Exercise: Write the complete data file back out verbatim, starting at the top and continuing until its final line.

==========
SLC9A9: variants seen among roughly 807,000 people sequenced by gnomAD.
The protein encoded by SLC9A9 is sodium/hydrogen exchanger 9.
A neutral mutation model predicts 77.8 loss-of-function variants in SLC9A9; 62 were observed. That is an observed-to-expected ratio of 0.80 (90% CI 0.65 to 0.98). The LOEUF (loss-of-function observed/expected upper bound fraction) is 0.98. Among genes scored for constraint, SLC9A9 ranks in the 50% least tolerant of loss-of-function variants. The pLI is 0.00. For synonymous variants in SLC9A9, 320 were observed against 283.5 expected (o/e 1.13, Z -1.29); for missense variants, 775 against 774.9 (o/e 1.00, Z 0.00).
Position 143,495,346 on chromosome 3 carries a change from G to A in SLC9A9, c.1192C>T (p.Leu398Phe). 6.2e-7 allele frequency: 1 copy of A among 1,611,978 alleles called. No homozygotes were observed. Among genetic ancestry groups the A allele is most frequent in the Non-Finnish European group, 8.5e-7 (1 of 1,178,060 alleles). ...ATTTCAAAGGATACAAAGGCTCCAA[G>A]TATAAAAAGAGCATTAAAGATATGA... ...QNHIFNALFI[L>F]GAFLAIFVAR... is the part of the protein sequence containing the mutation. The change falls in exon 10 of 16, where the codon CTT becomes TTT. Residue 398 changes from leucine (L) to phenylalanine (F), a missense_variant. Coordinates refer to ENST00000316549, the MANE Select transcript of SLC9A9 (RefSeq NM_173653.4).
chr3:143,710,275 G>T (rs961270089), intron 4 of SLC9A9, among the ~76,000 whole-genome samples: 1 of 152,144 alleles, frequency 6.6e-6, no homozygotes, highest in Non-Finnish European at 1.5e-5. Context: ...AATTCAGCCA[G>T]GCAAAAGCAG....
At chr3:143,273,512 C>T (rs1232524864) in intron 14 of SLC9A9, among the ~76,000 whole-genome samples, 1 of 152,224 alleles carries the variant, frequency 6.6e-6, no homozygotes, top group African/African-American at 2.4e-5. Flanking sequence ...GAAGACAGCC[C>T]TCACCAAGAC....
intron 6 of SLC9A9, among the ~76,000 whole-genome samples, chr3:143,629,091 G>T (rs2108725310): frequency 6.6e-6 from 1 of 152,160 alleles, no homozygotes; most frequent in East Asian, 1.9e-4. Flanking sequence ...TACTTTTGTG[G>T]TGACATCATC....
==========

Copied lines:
SLC9A9: variants seen among roughly 807,000 people sequenced by gnomAD.
The protein encoded by SLC9A9 is sodium/hydrogen exchanger 9.
A neutral mutation model predicts 77.8 loss-of-function variants in SLC9A9; 62 were observed. That is an observed-to-expected ratio of 0.80 (90% CI 0.65 to 0.98). The LOEUF (loss-of-function observed/expected upper bound fraction) is 0.98. Among genes scored for constraint, SLC9A9 ranks in the 50% least tolerant of loss-of-function variants. The pLI is 0.00. For synonymous variants in SLC9A9, 320 were observed against 283.5 expected (o/e 1.13, Z -1.29); for missense variants, 775 against 774.9 (o/e 1.00, Z 0.00).
Position 143,495,346 on chromosome 3 carries a change from G to A in SLC9A9, c.1192C>T (p.Leu398Phe). 6.2e-7 allele frequency: 1 copy of A among 1,611,978 alleles called. No homozygotes were observed. Among genetic ancestry groups the A allele is most frequent in the Non-Finnish European group, 8.5e-7 (1 of 1,178,060 alleles). ...ATTTCAAAGGATACAAAGGCTCCAA[G>A]TATAAAAAGAGCATTAAAGATATGA... ...QNHIFNALFI[L>F]GAFLAIFVAR... is the part of the protein sequence containing the mutation. The change falls in exon 10 of 16, where the codon CTT becomes TTT. Residue 398 changes from leucine (L) to phenylalanine (F), a missense_variant. Coordinates refer to ENST00000316549, the MANE Select transcript of SLC9A9 (RefSeq NM_173653.4).
chr3:143,710,275 G>T (rs961270089), intron 4 of SLC9A9, among the ~76,000 whole-genome samples: 1 of 152,144 alleles, frequency 6.6e-6, no homozygotes, highest in Non-Finnish European at 1.5e-5. Context: ...AATTCAGCCA[G>T]GCAAAAGCAG....
At chr3:143,273,512 C>T (rs1232524864) in intron 14 of SLC9A9, among the ~76,000 whole-genome samples, 1 of 152,224 alleles carries the variant, frequency 6.6e-6, no homozygotes, top group African/African-American at 2.4e-5. Flanking sequence ...GAAGACAGCC[C>T]TCACCAAGAC....
intron 6 of SLC9A9, among the ~76,000 whole-genome samples, chr3:143,629,091 G>T (rs2108725310): frequency 6.6e-6 from 1 of 152,160 alleles, no homozygotes; most frequent in East Asian, 1.9e-4. Flanking sequence ...TACTTTTGTG[G>T]TGACATCATC....